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Re: [TowerTalk] . Re: 2006 Top Ten Chutzpah Awards

To: "K8RI on TowerTalk" <>,<>
Subject: Re: [TowerTalk] . Re: 2006 Top Ten Chutzpah Awards
From: Jim Lux <>
Date: Wed, 23 Aug 2006 22:38:26 -0700
List-post: <>
At 06:37 PM 8/23/2006, K8RI on TowerTalk wrote:

> > At 11:11 AM 8/23/2006, Keith Dutson wrote:
> >> >It is simply not true that a larger antenna transmits better than a
> >> >smaller
> >>one.
> >>
> >>That's a pretty broad statement to make.  If so, how come all the big guns
> >>use very big antennas?
> >
>< snip >
> > If one had an unlimited budget and some time for experimentation, one
> > could
> > do better than the existing things that are available, and likely the
> > antenna itself would be physically smaller.  The problem is that the value
>It depends on what you mean by smaller but in the normal sense, I doubt it
>would work out that way.  The design programs will show a "full size" yagi
>should perform the best compared to well... yagis that are not full size.

This is true for yagis, but not for antennas in general.  In general, for 
instance, an all driven phased array can outperform a yagi (in which N-1 
element are passively excited) of the same size.

This gets back to the old Chu-Harrington thing about the tradeoffs between 
directivity, physical size, and energy stored in the field around the 
antenna.  The latter often manifests itself as increased loss in simple 
designs, but there's no law of physics that says that it "has" to be that 
way.  In fact, there's some intriguing stuff that shows that if you remove 
one of the assumptions inherent in the Chu-Harrington analysis (having to 
do with the impedance characteristics of what you drive the antenna with)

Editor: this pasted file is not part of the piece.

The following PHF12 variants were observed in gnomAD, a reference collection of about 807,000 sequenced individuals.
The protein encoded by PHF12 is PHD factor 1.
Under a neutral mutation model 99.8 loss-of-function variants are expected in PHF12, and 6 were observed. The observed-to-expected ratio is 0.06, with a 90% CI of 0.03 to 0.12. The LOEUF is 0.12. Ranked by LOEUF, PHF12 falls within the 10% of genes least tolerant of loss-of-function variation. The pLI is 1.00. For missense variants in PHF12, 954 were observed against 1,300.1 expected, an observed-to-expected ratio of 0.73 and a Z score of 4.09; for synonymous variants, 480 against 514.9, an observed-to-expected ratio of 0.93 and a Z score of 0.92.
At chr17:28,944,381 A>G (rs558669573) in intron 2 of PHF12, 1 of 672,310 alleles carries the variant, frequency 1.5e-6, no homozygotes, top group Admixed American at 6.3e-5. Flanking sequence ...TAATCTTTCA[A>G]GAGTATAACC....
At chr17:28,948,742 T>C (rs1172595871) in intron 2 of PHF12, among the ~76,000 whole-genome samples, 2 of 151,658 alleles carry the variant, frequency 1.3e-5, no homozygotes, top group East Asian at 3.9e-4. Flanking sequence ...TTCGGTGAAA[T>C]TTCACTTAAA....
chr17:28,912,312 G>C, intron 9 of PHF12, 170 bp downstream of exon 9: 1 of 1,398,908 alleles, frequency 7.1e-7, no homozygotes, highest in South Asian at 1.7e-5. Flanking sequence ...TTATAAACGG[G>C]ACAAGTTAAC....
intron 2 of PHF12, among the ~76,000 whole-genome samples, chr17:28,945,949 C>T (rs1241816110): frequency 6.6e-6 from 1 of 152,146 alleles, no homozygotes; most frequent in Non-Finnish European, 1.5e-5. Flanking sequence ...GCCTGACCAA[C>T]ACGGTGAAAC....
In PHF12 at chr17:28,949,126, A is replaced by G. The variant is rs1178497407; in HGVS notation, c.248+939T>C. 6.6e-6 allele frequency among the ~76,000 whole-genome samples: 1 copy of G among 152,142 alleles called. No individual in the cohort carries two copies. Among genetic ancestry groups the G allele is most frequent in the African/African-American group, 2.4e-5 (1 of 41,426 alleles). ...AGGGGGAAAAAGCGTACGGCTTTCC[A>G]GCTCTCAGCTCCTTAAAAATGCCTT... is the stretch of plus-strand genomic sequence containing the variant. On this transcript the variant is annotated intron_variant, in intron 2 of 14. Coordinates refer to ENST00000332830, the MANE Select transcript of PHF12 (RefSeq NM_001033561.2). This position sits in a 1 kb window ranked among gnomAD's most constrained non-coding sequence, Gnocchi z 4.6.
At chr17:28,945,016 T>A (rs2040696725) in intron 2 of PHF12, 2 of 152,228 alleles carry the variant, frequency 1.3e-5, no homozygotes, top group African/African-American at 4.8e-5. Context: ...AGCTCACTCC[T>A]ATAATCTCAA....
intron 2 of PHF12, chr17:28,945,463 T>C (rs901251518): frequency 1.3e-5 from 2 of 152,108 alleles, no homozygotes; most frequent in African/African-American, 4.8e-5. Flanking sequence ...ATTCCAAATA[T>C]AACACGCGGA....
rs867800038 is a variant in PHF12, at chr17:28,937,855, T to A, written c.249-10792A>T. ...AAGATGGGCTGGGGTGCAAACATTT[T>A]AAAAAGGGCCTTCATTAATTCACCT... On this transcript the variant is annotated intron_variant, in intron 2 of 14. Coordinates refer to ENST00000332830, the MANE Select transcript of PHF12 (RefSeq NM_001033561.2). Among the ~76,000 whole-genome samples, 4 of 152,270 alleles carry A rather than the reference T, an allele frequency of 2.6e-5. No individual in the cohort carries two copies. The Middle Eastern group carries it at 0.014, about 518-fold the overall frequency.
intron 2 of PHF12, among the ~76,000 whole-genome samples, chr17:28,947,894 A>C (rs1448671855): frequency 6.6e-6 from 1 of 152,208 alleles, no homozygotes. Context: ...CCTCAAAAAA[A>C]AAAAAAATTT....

you might even do better. DARPA is spending a few million on this in an 
effort called: Adaptive Amplification to Enable Electrically Small 
Antennas, which is looking at using non-Foster terminations for the elements. is one example of 
early work.

> > The other factor driving to tall antennas is the advantage you get from
> > height above ground, particularly in the ham "legal power limit"
> > context.  You can't afford to give up the "ground reflection gain" by
> > going
>Sure you can if the take off angle it lower than optimum for the day.

Indeed, but the question was more "why do the big guns have big antennas on 
big towers", and in the general case, big towers are better than small 
towers, more so than big antennas are better than small antennas.  The big 
gun will have multiple antennas, and can pick the antenna configuration for 
conditions, so maybe physical size (when using non-adjustable antennas as 
elements) implies multiple antennas, which then puts you in the "adjustable 
antenna" category, and in general, an adjustable antenna of a given size 
beats a non adjustable of the same size.


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